To most gamers, time saving DLC sounds like the punchline to a joke. Unfortunately, the laughable reality is that people are willing to pay for this kind of thing. Time saving DLC is a downloadable pass that unlocks all characters/maps/features of a game. The best example would be the Time is Money Pack in Skate 3. For 560 Microsoft Points, “Time is Money will unlock all locations, skaters and gear, and Skate.Park objects that can be earned by playing through Skate 3’s career and online modes.”
Think about what they are proposing. For almost $7, Time is Money will play Skate 3’s single player and multiplayer component for you. If you have ever paid for any DLC of this nature, ask yourself why you have even bothered purchasing the game. Clearly, you have no interest in playing it. Time saving DLC will subtract from the game’s replay-value. You paid $60 for a game, only to pay an extra $7 to not play it.
Perhaps the nastiest of all trends, on-disk DLC is when publishers offer “downloadable content” that has actually been included on the game’s disk. Once again, publishers are locking away content that has already been paid for. This offence ranks above the rest because, unlike online passes, publishers aren’t spiting a group of people. This is not an act of anger or frustration. Publishers, like Capcom, claim that there is simply no difference between on-disk DLC and regular DLC. As a result, groups of gamers have started to protest Capcom, along with other main offenders. Cliffy Bleszinski, design director at Epic Games, sheds some light on the morality behind on-disk DLC, labelling it as an “ugly truth” in our beloved industry. In my opinion, if publishers want to lock away on-disk content, the price of the game should be lowered.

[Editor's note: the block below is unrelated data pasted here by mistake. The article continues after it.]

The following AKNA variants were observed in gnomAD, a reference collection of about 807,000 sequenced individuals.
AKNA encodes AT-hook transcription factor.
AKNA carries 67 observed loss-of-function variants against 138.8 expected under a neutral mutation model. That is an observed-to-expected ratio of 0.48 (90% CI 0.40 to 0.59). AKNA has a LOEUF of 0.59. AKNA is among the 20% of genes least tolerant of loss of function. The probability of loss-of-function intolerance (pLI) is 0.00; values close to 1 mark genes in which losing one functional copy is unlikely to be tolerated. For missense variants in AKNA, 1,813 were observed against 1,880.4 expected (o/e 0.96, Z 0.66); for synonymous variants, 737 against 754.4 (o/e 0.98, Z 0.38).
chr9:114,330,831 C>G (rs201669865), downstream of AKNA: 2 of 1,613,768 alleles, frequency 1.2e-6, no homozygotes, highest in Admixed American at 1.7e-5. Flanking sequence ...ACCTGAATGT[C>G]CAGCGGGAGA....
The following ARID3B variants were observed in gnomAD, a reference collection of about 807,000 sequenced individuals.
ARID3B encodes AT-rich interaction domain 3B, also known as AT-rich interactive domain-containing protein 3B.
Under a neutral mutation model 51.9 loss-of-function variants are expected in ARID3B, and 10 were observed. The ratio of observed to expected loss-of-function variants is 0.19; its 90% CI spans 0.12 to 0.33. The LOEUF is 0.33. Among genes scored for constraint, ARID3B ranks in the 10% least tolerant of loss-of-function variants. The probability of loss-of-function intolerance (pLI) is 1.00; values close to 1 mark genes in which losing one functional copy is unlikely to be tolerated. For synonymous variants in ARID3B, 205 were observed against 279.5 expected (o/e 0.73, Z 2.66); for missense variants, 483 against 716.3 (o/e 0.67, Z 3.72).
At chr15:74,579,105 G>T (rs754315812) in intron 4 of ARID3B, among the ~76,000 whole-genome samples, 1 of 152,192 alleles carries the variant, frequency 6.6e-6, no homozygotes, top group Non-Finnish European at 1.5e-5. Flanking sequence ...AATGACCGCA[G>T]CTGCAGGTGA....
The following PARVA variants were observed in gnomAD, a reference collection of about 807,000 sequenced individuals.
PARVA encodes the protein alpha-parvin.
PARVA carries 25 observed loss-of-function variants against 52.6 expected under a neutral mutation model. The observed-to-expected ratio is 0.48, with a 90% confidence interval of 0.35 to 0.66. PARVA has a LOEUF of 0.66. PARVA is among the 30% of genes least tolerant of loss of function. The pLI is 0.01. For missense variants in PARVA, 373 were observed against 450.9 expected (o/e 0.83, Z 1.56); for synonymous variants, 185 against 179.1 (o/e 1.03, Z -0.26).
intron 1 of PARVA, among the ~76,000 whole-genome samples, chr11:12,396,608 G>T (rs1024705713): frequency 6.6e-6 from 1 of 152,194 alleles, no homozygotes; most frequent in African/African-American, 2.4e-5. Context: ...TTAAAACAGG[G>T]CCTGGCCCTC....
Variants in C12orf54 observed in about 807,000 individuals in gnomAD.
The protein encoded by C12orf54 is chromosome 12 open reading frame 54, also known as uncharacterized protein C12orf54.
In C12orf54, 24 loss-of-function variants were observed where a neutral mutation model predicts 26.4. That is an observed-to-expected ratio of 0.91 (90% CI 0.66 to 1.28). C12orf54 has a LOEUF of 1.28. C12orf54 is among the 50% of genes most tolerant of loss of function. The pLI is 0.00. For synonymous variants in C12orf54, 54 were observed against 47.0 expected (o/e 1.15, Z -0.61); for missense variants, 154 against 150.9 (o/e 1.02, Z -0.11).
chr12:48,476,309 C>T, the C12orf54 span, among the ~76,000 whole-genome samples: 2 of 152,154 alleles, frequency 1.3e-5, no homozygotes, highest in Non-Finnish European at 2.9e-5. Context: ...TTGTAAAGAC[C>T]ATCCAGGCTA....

As mentioned countless times on the blog, society is currently fascinated with shooters. Call of Duty, Halo, Battlefield, Uncharted, Medal of Honor, Gears of War, Splinter Cell, SOCOM, Killzone, and Resistance only scratch the surface of the mass popularity of the genre. Unfortunately, while most of these games are fairly decent, they have gradually casted aside the single-player experience. In 2012, it is not uncommon for a blockbuster to clock in at six-to-eight hours. While I am a firm believer of “quality over quantity”, a six hour single-player experience hardly justifies a $60 purchase.